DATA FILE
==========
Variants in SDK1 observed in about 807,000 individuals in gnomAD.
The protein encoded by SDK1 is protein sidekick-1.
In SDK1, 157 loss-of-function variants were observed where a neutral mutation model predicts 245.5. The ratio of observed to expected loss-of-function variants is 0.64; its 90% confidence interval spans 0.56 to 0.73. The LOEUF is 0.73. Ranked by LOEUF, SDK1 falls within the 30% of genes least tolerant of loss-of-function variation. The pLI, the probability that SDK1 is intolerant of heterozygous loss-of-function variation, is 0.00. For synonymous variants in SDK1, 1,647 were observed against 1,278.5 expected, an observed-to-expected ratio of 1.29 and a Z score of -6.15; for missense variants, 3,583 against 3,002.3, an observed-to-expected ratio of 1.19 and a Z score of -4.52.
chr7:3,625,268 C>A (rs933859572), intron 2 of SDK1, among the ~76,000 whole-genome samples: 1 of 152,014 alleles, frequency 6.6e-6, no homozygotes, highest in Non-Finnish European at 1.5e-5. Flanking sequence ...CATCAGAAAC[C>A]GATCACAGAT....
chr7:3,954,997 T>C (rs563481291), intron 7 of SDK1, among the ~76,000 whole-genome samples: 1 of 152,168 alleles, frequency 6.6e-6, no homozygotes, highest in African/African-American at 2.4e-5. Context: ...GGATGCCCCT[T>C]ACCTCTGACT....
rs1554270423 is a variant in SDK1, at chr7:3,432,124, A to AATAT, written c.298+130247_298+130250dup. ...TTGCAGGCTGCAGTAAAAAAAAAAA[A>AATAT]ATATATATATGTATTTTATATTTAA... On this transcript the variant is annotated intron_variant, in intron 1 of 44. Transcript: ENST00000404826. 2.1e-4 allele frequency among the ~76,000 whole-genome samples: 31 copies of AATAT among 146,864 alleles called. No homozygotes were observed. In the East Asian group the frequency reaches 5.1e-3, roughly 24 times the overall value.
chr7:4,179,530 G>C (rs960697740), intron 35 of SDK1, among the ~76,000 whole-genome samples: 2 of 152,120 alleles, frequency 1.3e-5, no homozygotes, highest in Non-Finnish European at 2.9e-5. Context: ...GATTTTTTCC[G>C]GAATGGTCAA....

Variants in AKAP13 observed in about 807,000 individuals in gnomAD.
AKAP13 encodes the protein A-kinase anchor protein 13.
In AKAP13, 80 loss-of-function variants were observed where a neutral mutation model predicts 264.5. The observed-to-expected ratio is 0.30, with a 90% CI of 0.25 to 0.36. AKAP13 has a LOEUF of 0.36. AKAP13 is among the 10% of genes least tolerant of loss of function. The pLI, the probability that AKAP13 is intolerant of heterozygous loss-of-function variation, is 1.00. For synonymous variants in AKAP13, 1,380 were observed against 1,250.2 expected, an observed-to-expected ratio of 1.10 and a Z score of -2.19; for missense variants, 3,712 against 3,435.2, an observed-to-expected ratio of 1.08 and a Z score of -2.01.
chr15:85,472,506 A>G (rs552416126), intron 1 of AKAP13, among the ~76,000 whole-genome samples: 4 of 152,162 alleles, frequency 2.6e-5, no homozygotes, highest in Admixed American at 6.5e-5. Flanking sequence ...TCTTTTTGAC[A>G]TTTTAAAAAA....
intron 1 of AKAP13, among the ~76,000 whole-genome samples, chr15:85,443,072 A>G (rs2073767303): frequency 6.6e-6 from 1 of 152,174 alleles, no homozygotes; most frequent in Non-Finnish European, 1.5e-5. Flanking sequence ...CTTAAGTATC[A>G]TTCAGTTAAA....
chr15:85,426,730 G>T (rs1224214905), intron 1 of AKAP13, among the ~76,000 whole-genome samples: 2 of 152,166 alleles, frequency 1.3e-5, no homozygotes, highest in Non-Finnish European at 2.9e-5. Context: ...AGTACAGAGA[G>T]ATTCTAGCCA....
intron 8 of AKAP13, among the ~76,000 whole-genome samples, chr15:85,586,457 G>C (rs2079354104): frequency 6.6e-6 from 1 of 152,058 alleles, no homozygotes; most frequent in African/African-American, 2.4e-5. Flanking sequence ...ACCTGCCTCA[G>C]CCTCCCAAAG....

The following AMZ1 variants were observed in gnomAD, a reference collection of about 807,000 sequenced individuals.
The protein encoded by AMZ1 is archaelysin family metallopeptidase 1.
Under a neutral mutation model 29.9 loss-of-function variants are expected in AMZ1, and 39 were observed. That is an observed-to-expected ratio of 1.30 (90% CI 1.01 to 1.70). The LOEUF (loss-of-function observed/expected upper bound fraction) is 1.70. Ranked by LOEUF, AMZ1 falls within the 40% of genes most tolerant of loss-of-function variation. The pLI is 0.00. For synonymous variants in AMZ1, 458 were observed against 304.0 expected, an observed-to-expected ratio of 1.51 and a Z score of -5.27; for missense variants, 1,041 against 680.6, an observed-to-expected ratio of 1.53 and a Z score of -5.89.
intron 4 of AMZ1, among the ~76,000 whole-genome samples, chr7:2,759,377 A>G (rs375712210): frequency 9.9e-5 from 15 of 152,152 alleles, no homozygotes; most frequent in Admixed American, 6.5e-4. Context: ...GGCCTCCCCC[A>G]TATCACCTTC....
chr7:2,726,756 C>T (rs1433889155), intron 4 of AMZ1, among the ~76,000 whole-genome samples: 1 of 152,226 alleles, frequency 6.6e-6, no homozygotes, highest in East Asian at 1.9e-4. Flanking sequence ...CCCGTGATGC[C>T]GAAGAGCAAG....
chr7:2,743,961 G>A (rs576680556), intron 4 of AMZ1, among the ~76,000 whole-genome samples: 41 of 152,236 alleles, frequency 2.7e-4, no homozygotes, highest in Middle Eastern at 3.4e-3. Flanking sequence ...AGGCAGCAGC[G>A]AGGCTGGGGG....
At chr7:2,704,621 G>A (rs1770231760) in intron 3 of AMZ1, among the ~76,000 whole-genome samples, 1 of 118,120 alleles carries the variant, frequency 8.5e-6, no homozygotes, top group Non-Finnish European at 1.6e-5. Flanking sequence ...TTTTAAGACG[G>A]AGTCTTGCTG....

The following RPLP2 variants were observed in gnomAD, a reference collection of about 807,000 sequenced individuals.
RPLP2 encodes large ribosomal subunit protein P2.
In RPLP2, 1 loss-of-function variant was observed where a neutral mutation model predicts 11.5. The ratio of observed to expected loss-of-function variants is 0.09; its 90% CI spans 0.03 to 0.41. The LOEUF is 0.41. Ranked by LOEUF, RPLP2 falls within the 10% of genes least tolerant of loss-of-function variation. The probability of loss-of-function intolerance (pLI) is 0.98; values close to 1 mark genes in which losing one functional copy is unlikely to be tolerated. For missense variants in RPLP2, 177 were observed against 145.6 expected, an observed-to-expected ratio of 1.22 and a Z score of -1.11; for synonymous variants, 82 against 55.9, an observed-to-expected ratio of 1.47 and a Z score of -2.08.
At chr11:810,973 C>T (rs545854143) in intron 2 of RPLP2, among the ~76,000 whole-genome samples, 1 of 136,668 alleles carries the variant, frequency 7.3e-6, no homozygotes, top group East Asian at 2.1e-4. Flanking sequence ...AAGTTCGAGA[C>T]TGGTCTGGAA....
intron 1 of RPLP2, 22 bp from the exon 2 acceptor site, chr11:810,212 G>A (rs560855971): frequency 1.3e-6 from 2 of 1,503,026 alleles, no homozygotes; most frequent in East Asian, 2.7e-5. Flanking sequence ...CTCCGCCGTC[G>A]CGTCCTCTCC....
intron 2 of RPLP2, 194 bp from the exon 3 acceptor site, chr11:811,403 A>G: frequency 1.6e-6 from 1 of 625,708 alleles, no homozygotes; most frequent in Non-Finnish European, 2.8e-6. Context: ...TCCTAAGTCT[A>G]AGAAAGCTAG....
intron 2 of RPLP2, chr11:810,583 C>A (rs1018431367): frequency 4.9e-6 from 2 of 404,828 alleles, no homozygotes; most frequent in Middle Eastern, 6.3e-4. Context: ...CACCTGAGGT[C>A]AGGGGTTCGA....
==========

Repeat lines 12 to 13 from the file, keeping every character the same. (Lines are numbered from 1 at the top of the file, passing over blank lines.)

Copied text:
intron 1 of AKAP13, among the ~76,000 whole-genome samples, chr15:85,443,072 A>G (rs2073767303): frequency 6.6e-6 from 1 of 152,174 alleles, no homozygotes; most frequent in Non-Finnish European, 1.5e-5. Flanking sequence ...CTTAAGTATC[A>G]TTCAGTTAAA....
chr15:85,426,730 G>T (rs1224214905), intron 1 of AKAP13, among the ~76,000 whole-genome samples: 2 of 152,166 alleles, frequency 1.3e-5, no homozygotes, highest in Non-Finnish European at 2.9e-5. Context: ...AGTACAGAGA[G>T]ATTCTAGCCA....